You’d think grandparenting would be more like riding a bike — you just climb back on, and it all comes back to you.
That’s true of the most essential skills of wrangling tiny humans — appeasing their howls, juggling damp Pampers and stashing the cookies well out of reach. Some real-life lessons you never do forget, like not packing Kix to distract a wiggly toddler in church, or — if your family harbors cats — always covering the sandbox. (Round cereal, when dropped, ricochets under the pews like a handful of hypercharged BBs. The logic behind the latter should be self-evident.)
But other things have changed greatly since our daughter flew out of the family nest, and Russ and I are still playing catch-up with weird matters that pass for progress. Go-Gurt, for instance — whose idea was it to package such a slimy pastel snack in a toothpaste tube? Or consider the so-called “educational” chip-equipped toys that giggle and beep and babble in icky-sweet voices … the demonic scourge of the modern toybox, powered by an infinite number of double-A’s.
All that paled, though, when the World’s Leading Grandchild uttered her very first portentous word: “Peppa!”
Until our little Evelyn came along, we’d never heard of Peppa Pig. Perhaps you haven’t, either, if you’re old like us and long past the TV cartoon epoch. But if a grandchild is on the way, trust me: You will, and sooner than you think.
Peppa is a cartoon piglet with a lovely British lilt. She lives in a yellow house on a hill with Mommy Pig (contralto grunt), Daddy Pig (basso grunt) and her little brother George, who grunts and giggles.
Cartoon Peppa resembles a somehow-charming pink potato with a snout. She wears yellow galoshes to splash in muddy puddles. She plays well with friends like Susie Sheep, Danny Dog and Pedro Pony. Her adventures tend toward picking flowers, playing wiggly worm and hunting for Tiddles the Tortoise, the turtle who likes to climb trees. Tiny, preverbal humans adore her.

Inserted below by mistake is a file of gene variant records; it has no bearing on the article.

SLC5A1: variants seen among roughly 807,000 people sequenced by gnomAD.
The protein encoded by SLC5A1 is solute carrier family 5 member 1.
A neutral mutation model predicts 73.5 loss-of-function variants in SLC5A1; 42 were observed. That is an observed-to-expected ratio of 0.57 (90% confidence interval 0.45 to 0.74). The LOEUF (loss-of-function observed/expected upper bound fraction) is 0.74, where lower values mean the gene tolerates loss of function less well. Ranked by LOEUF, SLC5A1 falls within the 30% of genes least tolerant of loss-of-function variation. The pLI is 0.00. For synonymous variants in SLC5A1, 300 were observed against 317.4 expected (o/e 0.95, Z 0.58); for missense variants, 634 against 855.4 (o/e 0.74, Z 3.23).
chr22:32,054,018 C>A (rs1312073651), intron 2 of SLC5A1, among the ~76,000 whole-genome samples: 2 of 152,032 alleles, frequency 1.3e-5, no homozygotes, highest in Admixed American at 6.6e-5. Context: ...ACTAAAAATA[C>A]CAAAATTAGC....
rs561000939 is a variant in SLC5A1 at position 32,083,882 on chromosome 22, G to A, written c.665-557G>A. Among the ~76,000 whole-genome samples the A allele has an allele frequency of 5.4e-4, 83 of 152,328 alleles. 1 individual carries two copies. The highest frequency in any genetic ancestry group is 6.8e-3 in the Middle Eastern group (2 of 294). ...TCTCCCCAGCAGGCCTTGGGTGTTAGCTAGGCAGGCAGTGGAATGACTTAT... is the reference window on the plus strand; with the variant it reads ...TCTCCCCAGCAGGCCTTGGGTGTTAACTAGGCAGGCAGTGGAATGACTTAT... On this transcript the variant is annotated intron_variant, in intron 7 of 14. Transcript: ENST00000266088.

Sweet young Peppa was invented in England and imported to America of late by Nick Junior, which replays her rather serene adventures seven days a week. Her oinks have been translated into 40 languages. Now she’s become a global star (and thus, hot licensing property), followed by children on every continent except Antarctica, where penguin mothers can still persuade their hatchlings to play outside.
Peppa entranced our Evi from the moment her parents discovered episodes on YouTube. Her eyes light up when she hears the theme song. She toddles up and touches her pig idol on the TV screen. She clings to a pink plush Peppa when she naps. Her reliable giggles inspire dignified grandparents to grunt. Said grandparents even scoured the Net for Peppa pillows and bedding to induce her to sleep in her big-girl bed. (It worked.)
But still, we’re rather mystified by this youngest generation’s taste. Russ and I cut our TV eyeteeth on Tom Terrific and Mighty Manfred the Wonder Dog … then the more worldly Bullwinkle J. Moose and Rocky the Flying Squirrel, along with Boris Badunov, Natasha Fatale and Mr. Peabody. Now, that was good television! The only porkers who made much of an impression were Porky Pig and Piggly Wiggly.
We raised the mother of the World’s Leading Grandchild in the age of Smurfs. She started school with Teen-age Mutant Ninja Turtles. After she graduated to MTV, we pretty much lost touch with the ever-exploding cartoon universe — from the Powerpuff Girls to that bewildering SpongeBob SquarePants.
So we were rather baffled — and impressed — when our little sprout started chanting, “Peppa! Peppa! Peppa!” Until then, we’d had no luck spoiling her with our misguided choice of toddler bait. The Very Hungry Caterpillar elicits barely an eye roll. She has zero time for Dora the Explorer and, for that matter, dollies in general. Elmo seems to attract her from time to time, but his maniacal giggles get him tossed back into the toybox like a hot potato.
But piggish grunts? They never fail to make this girl laugh out loud.
You won’t be surprised, I know, to learn that Peppa Pig has become a global merchandise behemoth. Some 1,000 licensed Peppa manufacturers now peddle a mind-boggling array of perfect birthday presents for juniors from Paris to Bombay: Plush, huggable Peppas, Georges and all their charming anthropomorphic pals. Collector figurines. Doll houses. Tricycles. Race cars with pigs, elephants and foxes at the wheel. Storybooks. Night lights. Big-girl panties. Finger puppets. Toothbrushes. Shopping carts … well, you get the drift. There’s even a Peppa Pig World theme park with life-sized costumed characters — thankfully, in far-off England.
International business publications peg the Peppa empire at more than $1.2 billion, and it’s growing fast. I should know. We’ve contributed significantly to that growth, and there’s no end in sight.
But, of course, it could be worse. Evelyn could have been a boy … and we’d be up to our eyeballs in Lightning McQueen.